On January 1, 2020, California’s sweeping Consumer Privacy Act (“CCPA”) took effect, sort of. The CCPA’S scope and application were criticized from the get-go, but there was hope that the California Attorney General’s office would promulgate regulations to provide clarity and perhaps limitations to some of the law’s reach and remedies. In October 2019, the AG’s office issued its first draft of those regulations and, like the CCPA itself, the regulations seemed to generate more questions than answers. The AG’s office held several state-wide hearings for interest groups to voice concerns and raise questions. The Los Angeles hearing revealed much angst from many in the financial services industry and a fear of waves of litigation (including a concern that the CCPA might eventually spawn crippling representative actions similar to Private Attorney General Act (“PAGA”) lawsuits for wage-and-hour violations). On February 7, 2020, the AG issued modified draft regulations, with a written comment deadline of February 24, 2020. On March 11, 2020, the AG issued another set of modifications, with a March 27 comments deadline. As of the date of this writing, the AG has not issued its final regulations. Under the CCPA’s current language, the AG will not start to enforce the CCPA until July 1, 2020.
Apart from the regulatory hurdles, the future of the CCPA, at least in its present form and impact, is already in question. Federal versions of the CCPA are wending their way through Congress. In late 2019, competing bills – one Republican (“United States Consumer Data Privacy Act of 2019”), and one Democrat (‘‘Consumer Online Privacy Rights Act’’) – were introduced in Congress to address data collection and consumer privacy. Perhaps most importantly for business litigators, both bills will impact litigation. The Democratic bill includes a private right of action, the Republican bill does not. And, the Republican bill expressly preempts any state versions (except for provisions relating to notice of data breach), while the Democratic version does not.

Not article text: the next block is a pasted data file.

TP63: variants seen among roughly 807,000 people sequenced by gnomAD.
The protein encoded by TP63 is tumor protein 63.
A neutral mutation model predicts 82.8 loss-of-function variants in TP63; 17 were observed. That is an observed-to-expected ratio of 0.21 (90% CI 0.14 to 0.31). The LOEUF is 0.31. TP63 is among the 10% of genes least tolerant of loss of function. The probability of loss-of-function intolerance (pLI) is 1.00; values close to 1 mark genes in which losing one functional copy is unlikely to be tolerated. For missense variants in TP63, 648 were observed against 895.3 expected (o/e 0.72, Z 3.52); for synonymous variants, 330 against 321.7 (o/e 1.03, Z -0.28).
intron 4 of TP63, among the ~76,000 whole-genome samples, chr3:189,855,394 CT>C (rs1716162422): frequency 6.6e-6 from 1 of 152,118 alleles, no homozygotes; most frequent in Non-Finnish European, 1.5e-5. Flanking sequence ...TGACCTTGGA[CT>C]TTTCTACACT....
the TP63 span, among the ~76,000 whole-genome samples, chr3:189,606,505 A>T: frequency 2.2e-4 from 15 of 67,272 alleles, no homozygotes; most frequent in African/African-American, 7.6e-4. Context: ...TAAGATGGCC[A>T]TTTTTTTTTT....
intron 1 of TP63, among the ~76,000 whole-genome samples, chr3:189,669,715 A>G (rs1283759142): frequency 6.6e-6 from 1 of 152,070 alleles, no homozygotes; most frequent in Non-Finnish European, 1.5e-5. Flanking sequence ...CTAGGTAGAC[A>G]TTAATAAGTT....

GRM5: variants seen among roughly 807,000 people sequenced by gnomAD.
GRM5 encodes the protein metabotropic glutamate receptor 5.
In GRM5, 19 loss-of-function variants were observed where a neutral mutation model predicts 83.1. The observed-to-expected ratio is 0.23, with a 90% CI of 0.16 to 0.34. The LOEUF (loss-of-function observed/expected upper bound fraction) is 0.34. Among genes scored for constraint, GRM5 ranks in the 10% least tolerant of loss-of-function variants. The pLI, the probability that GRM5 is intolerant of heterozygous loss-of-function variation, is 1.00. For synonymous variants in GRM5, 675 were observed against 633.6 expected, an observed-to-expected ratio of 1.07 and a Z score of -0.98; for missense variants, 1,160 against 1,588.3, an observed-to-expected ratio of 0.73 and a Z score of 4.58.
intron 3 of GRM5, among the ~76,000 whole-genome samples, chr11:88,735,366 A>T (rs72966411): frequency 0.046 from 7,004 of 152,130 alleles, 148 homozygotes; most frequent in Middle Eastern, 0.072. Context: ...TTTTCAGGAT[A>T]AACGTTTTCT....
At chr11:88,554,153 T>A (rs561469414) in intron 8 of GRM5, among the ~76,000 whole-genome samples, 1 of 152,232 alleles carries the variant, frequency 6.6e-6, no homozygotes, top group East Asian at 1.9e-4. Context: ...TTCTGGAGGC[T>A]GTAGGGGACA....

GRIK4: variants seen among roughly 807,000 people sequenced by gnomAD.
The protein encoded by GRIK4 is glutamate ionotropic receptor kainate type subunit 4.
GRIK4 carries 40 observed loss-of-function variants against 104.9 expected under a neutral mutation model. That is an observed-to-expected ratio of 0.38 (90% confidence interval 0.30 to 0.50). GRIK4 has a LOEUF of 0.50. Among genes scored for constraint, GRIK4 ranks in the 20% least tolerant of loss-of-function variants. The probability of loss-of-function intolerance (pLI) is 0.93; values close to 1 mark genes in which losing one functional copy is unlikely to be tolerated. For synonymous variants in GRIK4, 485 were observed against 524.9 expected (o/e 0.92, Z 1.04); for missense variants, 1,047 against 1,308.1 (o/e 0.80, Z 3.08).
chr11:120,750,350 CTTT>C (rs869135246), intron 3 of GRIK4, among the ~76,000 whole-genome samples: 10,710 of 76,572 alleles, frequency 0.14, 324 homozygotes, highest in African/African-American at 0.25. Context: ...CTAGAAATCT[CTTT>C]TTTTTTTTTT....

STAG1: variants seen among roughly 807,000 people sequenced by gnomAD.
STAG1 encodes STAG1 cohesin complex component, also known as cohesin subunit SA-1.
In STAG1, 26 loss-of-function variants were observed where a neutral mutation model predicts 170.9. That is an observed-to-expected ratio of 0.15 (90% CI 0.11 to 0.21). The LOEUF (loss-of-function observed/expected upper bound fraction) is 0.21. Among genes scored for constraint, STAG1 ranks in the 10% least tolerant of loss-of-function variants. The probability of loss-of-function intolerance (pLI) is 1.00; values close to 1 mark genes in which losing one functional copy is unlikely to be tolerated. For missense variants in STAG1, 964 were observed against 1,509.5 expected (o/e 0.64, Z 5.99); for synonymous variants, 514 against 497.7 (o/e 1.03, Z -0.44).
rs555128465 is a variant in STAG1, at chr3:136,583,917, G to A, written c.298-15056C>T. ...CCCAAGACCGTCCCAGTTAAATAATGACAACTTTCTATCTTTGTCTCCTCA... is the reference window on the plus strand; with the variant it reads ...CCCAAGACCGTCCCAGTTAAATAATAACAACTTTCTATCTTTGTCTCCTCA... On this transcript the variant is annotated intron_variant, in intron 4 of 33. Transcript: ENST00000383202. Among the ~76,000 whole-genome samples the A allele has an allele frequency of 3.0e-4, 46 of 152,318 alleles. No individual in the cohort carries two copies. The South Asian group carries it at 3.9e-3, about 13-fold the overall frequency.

To further complicate the CCPA’s timing, the growing coronavirus pandemic prompted thirty-three organizations representing thousands of businesses (employing millions of California residents) to send a March 17, 2020 letter to the California Attorney General, asking him to delay enforcement of the CCPA. The letter’s authors noted: “Many companies have instituted mandatory work-from home measures to limit community spread of the virus, meaning that the individuals who are responsible for creative processes to comply with CCPA are not present in the office to undertake such tasks.” Thus, the letter’s drafters are asking the AG to delay enforcement until January 2, 2021. As of this bulletin, the AG has not agreed to a delay.